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The
In Euclidean space, such a ratio is straight-forward, but given
the universe's overall expansion and Curvature, and that
long-distance observations look backward in time, this function is
not so straight-forward and is of interest. Functions can be derived
for various Lambda-CDM model parameters and One strategy is to compare the brightness with the angular size of distant galaxies, e.g., by measuring the angular size of the brightest galaxies (Radio Galaxies are suitable) at various redshifts. Another is simply to observe brightness, size, and redshift. The models under consideration as well as observation indicate that beyond a certain redshift/distance, the angle no longer decreases with smaller with distance, but actually increases. While this is non-intuitive if your intuition takes Euclidean space as its basis, the universe was much smaller then, yet is spread over the entire celestial sphere, so objects must appear "larger". And despite appearing "larger" to us, they still appear dimmer with distance because their light broadcast in all directions must eventually span our current larger universe. astrophysics,cosmology,measure)https://ned.ipac.caltech.edu/level5/March02/Sahni/Sahni4_5.html Referenced by:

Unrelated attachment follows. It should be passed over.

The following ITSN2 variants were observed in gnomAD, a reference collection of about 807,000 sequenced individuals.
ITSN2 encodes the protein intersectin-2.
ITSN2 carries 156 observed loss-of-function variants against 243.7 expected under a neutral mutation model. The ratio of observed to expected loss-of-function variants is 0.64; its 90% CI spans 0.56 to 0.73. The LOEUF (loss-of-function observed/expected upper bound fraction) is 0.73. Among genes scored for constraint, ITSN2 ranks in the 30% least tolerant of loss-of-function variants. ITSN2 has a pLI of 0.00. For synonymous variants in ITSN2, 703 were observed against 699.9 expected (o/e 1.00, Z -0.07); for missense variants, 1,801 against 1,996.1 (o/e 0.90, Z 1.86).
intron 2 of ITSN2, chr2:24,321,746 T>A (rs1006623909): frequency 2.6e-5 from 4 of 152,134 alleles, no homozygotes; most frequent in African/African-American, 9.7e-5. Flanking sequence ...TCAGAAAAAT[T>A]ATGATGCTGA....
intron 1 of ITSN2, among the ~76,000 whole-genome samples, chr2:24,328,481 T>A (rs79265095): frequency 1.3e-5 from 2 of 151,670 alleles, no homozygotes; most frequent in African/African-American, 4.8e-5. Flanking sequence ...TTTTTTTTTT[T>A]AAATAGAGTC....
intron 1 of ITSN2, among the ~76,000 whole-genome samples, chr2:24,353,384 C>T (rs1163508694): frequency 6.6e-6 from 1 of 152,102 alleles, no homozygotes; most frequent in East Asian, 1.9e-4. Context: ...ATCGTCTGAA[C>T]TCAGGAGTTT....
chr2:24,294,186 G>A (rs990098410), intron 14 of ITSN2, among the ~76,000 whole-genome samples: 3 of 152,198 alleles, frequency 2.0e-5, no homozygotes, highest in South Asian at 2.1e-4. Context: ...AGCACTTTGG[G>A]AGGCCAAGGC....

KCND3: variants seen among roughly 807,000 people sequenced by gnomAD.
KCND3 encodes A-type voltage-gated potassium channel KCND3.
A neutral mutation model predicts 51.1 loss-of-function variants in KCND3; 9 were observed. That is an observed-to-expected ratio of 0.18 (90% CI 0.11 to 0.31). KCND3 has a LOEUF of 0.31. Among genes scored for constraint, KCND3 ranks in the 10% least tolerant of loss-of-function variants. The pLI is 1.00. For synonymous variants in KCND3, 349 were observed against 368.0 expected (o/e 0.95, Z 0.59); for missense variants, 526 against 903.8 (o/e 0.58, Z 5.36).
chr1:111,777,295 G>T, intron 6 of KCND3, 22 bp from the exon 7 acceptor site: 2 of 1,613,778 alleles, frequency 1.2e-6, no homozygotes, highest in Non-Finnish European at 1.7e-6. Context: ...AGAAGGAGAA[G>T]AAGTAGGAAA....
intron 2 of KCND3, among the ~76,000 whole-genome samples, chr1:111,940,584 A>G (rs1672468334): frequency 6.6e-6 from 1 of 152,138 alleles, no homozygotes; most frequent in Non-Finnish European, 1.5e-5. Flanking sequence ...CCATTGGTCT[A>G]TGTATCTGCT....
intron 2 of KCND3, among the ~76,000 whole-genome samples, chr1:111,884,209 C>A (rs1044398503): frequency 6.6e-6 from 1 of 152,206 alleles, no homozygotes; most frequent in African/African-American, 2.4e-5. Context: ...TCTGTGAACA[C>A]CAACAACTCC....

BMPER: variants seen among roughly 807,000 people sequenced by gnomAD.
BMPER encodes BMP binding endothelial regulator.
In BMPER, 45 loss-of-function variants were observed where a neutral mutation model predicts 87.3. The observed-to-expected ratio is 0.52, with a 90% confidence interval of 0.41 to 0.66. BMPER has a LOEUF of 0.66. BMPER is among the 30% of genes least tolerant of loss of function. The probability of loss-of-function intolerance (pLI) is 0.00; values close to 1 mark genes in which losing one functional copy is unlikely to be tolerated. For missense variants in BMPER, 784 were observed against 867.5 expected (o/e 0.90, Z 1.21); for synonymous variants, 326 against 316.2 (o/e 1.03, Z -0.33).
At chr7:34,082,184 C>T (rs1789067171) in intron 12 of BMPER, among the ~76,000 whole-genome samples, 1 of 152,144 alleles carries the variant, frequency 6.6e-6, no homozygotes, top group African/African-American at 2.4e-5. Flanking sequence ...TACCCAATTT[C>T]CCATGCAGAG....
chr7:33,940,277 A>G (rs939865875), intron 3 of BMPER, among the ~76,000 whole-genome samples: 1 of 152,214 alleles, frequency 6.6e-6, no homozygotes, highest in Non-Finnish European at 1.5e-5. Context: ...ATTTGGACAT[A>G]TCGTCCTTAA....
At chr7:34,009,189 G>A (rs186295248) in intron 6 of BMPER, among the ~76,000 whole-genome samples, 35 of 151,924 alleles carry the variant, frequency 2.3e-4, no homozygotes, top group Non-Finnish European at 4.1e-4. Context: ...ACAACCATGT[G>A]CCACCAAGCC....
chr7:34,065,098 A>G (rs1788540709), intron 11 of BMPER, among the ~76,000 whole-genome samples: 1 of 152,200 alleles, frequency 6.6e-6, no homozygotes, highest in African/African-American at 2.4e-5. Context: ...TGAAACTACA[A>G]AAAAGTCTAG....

Redshift-magnitude Relation |